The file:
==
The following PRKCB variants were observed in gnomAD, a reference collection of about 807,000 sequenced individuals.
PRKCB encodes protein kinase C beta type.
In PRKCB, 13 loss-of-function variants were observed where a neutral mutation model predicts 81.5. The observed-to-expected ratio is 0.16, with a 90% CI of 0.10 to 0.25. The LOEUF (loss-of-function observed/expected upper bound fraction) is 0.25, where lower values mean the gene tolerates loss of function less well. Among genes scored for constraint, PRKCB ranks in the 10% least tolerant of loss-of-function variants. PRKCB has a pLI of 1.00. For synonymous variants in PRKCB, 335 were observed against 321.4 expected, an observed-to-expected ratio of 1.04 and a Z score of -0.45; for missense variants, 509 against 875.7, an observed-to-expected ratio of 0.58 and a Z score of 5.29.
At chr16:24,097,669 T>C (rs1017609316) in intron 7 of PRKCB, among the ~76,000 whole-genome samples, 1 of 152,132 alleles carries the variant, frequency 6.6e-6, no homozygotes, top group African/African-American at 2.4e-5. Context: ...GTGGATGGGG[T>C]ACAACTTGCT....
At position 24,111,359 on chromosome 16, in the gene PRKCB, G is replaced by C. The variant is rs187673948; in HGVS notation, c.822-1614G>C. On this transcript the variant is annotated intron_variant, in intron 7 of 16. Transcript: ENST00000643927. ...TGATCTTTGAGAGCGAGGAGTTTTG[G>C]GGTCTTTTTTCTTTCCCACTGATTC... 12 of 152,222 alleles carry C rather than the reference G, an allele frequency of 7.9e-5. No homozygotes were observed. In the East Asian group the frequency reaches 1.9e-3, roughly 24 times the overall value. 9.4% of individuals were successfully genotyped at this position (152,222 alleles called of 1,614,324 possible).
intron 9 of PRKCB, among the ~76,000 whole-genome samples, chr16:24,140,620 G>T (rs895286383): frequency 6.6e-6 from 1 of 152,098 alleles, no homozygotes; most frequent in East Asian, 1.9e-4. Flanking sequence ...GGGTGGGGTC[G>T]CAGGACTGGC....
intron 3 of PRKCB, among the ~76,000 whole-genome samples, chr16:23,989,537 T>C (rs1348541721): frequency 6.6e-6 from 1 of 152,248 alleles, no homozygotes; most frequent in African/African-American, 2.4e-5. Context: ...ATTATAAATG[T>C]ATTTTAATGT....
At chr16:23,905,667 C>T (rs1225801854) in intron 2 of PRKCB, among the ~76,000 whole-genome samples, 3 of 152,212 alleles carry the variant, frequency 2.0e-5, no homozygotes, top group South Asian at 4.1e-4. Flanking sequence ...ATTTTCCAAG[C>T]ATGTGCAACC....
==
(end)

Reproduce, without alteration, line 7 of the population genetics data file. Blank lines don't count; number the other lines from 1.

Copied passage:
intron 3 of PRKCB, among the ~76,000 whole-genome samples, chr16:23,989,537 T>C (rs1348541721): frequency 6.6e-6 from 1 of 152,248 alleles, no homozygotes; most frequent in African/African-American, 2.4e-5. Context: ...ATTATAAATG[T>C]ATTTTAATGT....